Of this relationship Moses had reminded the people, ere they crossed the Jordan (Deut. xxxii. 6) ; and Jeremiah in his day sought to impress it on them (iii. 19), but all to no purpose, so captivity had to be their lot, and centuries of sorrow have that people now known. Indissoluble, however, is that tie. Of this Isaiah, too, bears witness in the language put by the Spirit of prophecy in the mouths of the godly remnant of the future:- "Doubtless Thou art our Father, though Abraham be ignorant of us, and Israel acknowledge us not: Thou, O Lord, art our Father, our Redeemer ; Thy name is from everlasting" (Ixiii. 16); and again, "But now, O Lord, Thou art our Father: we are the clay, and Thou our potter ; and we all are the work of Thy hand " (Ixiv. 8).
Of everlasting grace this speaks ; of the unchangeableness, too, of God's purpose it is a proof. Israel did not deserve such a favour, that is clear. If they could ever have deserved it, they have certainly forfeited all claim to it. But it was not, it is not, a question of deserts. The question is one of God's sovereignty ; He formed the tie of His own will. He will never break it, nor will He cease to avow it. What comfort is all this for us, who now know God the Father as our Father as well as our God.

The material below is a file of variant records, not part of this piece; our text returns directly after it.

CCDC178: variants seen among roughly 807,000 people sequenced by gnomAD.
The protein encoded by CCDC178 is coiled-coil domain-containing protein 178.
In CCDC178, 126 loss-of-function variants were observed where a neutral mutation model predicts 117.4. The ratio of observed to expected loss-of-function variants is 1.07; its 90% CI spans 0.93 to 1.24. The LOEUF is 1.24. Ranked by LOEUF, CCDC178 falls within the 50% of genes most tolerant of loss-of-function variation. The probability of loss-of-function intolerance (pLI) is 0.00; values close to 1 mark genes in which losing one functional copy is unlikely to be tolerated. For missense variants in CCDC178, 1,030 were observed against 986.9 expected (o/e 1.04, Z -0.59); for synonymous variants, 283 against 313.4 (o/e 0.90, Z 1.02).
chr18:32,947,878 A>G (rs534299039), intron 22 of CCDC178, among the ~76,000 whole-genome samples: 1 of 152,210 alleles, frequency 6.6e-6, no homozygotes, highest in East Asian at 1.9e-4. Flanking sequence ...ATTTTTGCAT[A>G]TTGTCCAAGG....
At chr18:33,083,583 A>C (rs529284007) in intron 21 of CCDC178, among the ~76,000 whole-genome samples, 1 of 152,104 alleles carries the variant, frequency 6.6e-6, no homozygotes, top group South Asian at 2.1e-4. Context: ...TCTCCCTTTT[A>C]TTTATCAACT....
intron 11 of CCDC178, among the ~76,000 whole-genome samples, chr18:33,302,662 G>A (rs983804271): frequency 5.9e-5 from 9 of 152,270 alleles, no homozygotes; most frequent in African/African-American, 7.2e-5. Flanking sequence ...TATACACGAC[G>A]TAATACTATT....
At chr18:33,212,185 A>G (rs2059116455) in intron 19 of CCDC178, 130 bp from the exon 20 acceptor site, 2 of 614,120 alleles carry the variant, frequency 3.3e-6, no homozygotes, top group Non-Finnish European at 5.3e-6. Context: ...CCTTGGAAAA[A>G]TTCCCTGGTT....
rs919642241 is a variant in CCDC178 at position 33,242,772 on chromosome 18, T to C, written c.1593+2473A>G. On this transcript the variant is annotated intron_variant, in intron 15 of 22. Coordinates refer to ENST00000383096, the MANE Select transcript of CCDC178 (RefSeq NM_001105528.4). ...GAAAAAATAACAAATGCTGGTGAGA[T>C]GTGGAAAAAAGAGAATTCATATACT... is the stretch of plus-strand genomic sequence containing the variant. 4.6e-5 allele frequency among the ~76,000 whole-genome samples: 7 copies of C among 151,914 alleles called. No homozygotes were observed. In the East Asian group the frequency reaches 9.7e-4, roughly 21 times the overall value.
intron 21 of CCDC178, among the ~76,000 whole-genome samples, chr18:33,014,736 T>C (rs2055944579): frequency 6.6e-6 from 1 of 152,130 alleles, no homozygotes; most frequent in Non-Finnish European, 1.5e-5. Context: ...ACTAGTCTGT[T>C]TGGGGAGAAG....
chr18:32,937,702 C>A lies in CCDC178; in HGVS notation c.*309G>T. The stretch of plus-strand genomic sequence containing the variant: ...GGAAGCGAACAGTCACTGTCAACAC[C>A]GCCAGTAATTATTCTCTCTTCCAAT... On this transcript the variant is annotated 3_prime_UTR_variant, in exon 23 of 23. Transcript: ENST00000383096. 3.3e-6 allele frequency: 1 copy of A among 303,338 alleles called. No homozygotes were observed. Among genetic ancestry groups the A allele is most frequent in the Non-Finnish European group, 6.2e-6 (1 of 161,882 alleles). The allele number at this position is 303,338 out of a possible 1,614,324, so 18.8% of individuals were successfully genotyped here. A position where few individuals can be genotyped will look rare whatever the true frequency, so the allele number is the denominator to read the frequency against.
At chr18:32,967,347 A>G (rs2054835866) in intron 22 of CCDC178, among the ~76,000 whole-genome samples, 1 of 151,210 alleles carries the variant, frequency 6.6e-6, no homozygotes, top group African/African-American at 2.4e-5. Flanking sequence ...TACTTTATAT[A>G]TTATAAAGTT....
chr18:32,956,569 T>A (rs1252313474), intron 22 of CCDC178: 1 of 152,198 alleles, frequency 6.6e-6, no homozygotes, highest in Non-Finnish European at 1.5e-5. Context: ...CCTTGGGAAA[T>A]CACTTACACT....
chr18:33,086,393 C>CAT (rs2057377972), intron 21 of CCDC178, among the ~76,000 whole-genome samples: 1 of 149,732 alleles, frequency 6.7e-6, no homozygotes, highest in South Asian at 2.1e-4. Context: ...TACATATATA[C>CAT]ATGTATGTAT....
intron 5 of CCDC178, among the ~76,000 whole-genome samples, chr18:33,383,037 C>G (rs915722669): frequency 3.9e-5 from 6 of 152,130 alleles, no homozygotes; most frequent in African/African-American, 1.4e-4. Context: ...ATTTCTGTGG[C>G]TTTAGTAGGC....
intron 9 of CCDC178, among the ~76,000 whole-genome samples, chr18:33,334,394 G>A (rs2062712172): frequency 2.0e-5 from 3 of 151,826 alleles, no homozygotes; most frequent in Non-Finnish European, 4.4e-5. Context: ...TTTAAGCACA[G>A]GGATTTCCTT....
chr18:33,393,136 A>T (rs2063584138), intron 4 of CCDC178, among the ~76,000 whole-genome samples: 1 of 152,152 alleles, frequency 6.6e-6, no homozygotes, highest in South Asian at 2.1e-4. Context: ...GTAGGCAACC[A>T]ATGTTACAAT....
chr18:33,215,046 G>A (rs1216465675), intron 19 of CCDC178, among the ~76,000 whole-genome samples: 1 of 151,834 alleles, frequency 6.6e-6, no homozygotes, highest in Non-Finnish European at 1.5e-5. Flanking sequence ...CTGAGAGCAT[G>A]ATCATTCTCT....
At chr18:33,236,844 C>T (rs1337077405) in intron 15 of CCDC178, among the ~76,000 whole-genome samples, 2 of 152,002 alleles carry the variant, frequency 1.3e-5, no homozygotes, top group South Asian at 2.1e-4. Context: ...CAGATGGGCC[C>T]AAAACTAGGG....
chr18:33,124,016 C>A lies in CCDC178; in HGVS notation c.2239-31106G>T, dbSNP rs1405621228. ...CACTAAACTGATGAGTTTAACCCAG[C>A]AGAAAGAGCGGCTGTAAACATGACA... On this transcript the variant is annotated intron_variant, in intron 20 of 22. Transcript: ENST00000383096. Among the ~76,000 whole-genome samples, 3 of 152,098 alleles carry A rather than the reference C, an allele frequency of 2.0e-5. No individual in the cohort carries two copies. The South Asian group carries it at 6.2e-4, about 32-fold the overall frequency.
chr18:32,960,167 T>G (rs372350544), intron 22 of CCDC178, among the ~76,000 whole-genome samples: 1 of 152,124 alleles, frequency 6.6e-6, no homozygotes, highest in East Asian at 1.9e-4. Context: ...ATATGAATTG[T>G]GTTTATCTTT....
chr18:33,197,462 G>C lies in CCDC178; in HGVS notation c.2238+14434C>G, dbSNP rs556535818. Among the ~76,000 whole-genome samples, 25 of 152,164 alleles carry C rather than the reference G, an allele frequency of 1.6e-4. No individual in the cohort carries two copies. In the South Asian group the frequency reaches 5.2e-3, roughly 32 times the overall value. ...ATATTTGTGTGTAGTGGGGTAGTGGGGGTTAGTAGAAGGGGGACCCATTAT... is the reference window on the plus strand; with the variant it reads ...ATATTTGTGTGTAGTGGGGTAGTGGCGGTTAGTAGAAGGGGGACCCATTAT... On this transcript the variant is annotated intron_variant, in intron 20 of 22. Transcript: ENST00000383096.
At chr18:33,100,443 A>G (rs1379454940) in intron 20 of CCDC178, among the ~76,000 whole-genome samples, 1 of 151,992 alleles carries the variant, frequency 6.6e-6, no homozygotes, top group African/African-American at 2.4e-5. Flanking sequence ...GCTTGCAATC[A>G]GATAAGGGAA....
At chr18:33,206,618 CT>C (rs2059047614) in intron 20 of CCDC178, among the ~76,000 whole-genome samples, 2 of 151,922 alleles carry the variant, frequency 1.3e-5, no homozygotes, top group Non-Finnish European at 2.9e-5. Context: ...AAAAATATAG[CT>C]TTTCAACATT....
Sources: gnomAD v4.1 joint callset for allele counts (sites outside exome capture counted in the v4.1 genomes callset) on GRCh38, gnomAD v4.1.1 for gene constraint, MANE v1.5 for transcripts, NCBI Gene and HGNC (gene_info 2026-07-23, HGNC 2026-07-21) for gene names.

A Father! What are the thoughts connected with the enjoyment of such a blessing? On this we are not left in doubt. Each of us who have known our natural father may form some idea of what is involved in that parental tie. Some, however, there are who from circumstances have never known an earthly father's care or love, though they bear in life their parent's name. Such a state of things should not be the experience of God's children in these days. He desires that they should know the Father; so the Holy Ghost is given to us, whereby we cry, " Abba, Father." And what each of His children may find Him to be, He desires them to understand directly from Himself; so He graciously teaches us about it.